Under our system of government we choose a representative we tell him/her to govern. This system of selection does not guarantee that the assignment is understood. The citizenry (and frequently the politician as well) is unclear about the assignment and sometimes confuse representation and governing. As the ethical principles are sorted out, this course will focus on the difference between governing and representing and whether the values, choices, and ethics vary with the nature of the assignment.
In short, B. J. (as generations of her students called her) was in the business of training public servants, public administrators, public citizens, andas she also hopedholders of high elective offices. To her there was a continuum between a school of public policy and the world into which the graduates of such a school would shortly move. Although her career as a teacher lasted only 17 years, B. J. lived long enough to rejoice in seeing her former students become city managers, state officials, and highly-placed federal employees. Her devotion to teaching was repaid many times over by the continued loyalty of those who were fortunate enough to take her classesloyalty both to their teacher and to her passionately held convictions.
As a teacher, Barbara Jordan did not cease to operate when she was beyond the Forty Acres. Daughter of a Baptist minister, she used many secular pulpits. Constantly in demand for speeches, conferences, board memberships, and media appearances, she selected the places where she thought she would be most usefulsuch as becoming the ethics "czar" for a Texas governor or cochairing the U.S. Commission on Immigration Reform. There is reason to believe she could have received several high national appointments during her years in Austin, had she encouraged those who respected and admired her.
The Jordan Legacy
Barbara Jordan enjoyed life: she loved barbecue and basketball, could sing "Frankie and Johnnie" with gusto, was fond of money but didnt like to spend it, had a great talent for friendship, and was a practical joker. These facets of her character, however, were largely unknown to those who looked up to her as mentor and legend. What people heard was her message which, although eloquently varied, steadily emphasized the theme of governance, the essential tie between ethics and democratic effectiveness, and the need for continued support of basic constitutional principles. As the years passed, requests for her presence on platforms, on letterheads, on commissions continued. Public statements, interviews, a coedited book, The Great Society, among other things, kept her in the public eye. As an array of illnesses afflicted her and she became wheelchair bound, her mobility was inevitably sharply diminished, but the clarity of her thoughtnot at all.
When she died one month short of a 60th birthday celebration that she would have (ruefully) enjoyed, Barbara Jordan had, in short, become emblematicfor Americans of all races, and, to a lesser extent, to audiences abroad. Behind her lay the barriers she had surmounted. The images that she had imprinted on so many minds persist, and the sound of her voice proclaiming the value of loyalty in an age of disloyaltyloyalty to country, to the art of politics, to this university, and in essence to all human beings.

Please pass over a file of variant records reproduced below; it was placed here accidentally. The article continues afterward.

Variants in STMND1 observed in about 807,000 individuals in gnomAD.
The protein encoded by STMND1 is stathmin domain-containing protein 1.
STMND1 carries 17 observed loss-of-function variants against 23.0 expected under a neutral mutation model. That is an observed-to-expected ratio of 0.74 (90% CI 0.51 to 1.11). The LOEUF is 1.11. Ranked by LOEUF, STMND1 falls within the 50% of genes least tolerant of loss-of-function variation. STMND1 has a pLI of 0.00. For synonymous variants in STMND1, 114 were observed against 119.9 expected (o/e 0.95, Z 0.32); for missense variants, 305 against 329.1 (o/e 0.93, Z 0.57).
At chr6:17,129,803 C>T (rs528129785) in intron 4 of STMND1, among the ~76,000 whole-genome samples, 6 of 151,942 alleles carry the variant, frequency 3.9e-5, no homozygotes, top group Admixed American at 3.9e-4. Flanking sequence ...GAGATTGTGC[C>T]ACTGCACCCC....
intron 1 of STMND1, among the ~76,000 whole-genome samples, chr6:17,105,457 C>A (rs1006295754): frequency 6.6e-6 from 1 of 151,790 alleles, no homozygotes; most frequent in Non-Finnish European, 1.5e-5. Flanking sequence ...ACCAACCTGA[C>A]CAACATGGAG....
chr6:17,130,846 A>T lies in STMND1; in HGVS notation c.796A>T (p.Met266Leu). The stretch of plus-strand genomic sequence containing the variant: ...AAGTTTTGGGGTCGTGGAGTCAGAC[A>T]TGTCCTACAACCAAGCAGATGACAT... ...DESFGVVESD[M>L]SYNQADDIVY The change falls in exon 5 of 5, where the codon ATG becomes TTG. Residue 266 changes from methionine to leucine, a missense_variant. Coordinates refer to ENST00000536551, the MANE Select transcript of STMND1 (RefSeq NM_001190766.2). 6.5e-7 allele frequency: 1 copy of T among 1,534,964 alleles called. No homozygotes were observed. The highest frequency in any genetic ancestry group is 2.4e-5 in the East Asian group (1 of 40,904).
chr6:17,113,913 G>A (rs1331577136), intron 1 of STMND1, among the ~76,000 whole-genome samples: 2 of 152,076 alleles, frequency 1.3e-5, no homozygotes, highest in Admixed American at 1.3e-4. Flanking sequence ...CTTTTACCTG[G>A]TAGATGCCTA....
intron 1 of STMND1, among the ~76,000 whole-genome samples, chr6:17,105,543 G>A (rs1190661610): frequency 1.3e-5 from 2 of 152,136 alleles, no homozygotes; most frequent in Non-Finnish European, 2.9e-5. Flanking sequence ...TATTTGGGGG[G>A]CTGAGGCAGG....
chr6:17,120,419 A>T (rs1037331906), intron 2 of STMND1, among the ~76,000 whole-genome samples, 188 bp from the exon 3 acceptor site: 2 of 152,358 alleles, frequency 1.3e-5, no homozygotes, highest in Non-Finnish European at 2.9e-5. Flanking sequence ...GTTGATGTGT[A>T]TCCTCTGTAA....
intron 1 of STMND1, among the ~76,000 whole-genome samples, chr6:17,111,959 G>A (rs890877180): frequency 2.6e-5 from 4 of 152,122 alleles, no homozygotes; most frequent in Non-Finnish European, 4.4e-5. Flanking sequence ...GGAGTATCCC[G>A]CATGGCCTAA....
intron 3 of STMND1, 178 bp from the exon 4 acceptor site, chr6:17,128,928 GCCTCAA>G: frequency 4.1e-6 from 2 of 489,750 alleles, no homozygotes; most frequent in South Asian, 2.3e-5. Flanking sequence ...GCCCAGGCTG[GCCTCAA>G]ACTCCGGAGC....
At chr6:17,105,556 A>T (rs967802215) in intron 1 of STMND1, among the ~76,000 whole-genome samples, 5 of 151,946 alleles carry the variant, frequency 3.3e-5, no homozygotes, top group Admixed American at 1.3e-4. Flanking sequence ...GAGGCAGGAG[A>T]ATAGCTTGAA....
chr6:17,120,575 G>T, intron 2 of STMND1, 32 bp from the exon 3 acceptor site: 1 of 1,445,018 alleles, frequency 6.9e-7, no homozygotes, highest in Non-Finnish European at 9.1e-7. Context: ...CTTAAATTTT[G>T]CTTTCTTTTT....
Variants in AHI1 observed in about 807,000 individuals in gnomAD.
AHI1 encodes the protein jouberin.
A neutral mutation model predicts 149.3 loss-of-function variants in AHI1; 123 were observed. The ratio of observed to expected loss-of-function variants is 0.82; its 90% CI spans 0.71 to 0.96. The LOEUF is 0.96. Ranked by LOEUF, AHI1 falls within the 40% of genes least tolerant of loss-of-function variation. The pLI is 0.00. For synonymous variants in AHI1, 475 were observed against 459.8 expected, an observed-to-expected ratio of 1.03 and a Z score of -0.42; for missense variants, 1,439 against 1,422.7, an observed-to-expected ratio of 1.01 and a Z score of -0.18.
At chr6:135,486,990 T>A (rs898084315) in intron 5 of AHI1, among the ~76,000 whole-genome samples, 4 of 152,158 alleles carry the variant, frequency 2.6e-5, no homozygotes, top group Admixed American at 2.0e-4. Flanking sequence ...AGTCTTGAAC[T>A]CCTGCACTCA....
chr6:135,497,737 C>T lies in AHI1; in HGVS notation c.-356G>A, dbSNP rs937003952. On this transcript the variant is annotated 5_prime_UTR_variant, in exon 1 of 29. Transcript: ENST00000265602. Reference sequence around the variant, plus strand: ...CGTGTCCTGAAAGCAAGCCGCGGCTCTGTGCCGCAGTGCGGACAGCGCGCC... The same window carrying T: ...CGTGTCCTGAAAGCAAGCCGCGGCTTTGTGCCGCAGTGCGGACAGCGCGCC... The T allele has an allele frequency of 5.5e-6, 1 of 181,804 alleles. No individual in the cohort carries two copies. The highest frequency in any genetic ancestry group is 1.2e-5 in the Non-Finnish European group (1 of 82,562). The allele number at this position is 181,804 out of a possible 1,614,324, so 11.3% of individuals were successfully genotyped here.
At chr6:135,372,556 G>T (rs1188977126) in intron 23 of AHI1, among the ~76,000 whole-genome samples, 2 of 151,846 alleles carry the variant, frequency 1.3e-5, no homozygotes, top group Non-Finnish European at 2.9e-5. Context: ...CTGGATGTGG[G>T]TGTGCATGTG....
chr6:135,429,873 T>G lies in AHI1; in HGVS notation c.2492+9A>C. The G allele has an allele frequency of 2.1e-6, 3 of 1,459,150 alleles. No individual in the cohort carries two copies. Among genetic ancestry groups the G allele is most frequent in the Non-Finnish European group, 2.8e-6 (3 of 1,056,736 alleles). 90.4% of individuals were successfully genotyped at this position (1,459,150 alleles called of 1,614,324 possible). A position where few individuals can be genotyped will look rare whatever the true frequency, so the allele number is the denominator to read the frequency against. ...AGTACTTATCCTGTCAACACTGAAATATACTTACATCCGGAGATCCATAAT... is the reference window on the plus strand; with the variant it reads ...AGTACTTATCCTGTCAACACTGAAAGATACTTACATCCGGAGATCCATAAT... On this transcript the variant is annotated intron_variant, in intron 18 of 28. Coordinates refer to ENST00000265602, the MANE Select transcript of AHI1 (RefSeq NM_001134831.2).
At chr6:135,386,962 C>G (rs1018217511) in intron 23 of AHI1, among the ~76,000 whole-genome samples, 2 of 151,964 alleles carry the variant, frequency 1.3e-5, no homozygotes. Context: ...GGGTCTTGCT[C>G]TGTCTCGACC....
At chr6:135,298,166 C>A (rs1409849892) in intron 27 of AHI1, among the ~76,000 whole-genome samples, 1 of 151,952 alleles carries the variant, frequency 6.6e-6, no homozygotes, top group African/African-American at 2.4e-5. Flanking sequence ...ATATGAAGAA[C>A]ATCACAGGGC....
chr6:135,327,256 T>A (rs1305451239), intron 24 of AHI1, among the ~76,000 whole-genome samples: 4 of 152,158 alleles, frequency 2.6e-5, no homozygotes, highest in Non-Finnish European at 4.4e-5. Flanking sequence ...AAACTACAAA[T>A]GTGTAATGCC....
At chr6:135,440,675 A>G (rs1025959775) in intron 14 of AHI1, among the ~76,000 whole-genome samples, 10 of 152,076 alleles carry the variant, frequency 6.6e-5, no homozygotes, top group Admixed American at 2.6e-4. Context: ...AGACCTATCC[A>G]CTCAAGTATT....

After her death, Barbara Jordans students created an annual "Barbara Jordan Memorial Forum on Diversity in Public Policy" at the LBJ School. Mary Beth Rogers insightful biography and many articles and media features have testified to her enduring importance. She has been the subject of a play, "E Pluribus Unum: Barbara JordanOne Voice," written by Deborah Hamilton-Lynne and starring Franchelle Stewart Dorn.
Tributes to Barbara Jordan have ranged from the eulogies at memorial services delivered by President Clinton, Bill Moyers, and others who knew her well, to letters written by men and women, African Americans, Anglos, Hispanics, and others, who knew her only from afar. Their theme remains essentially the same: B. J. was a unique human being who, through her life, changed and bettered the world around her.
But Barbara Jordan herself should have the last word (in fact she would have wanted it). At the Democratic National Convention in 1976 she said:
"This is the great danger that America faces. That we will cease to be one nation and become instead a collection of interest groups: city against suburb, region against region, individual against individual. . . . If that happens, who then will speak for America? . . . who then will speak for the common good?"
Larry R. Faulkner, President
The University of Texas at Austin
John R. Durbin, Secretary
The General Faculty
This tribute by Professor Elspeth Rostow appeared in somewhat different form in the "1996 Eulogies" of the National Academy of Public Administration, of which Barbara Jordan was a Fellow.
Link to the Handbook of Texas Online.
Link to the Edie and Lew Wasserman Public Affairs Library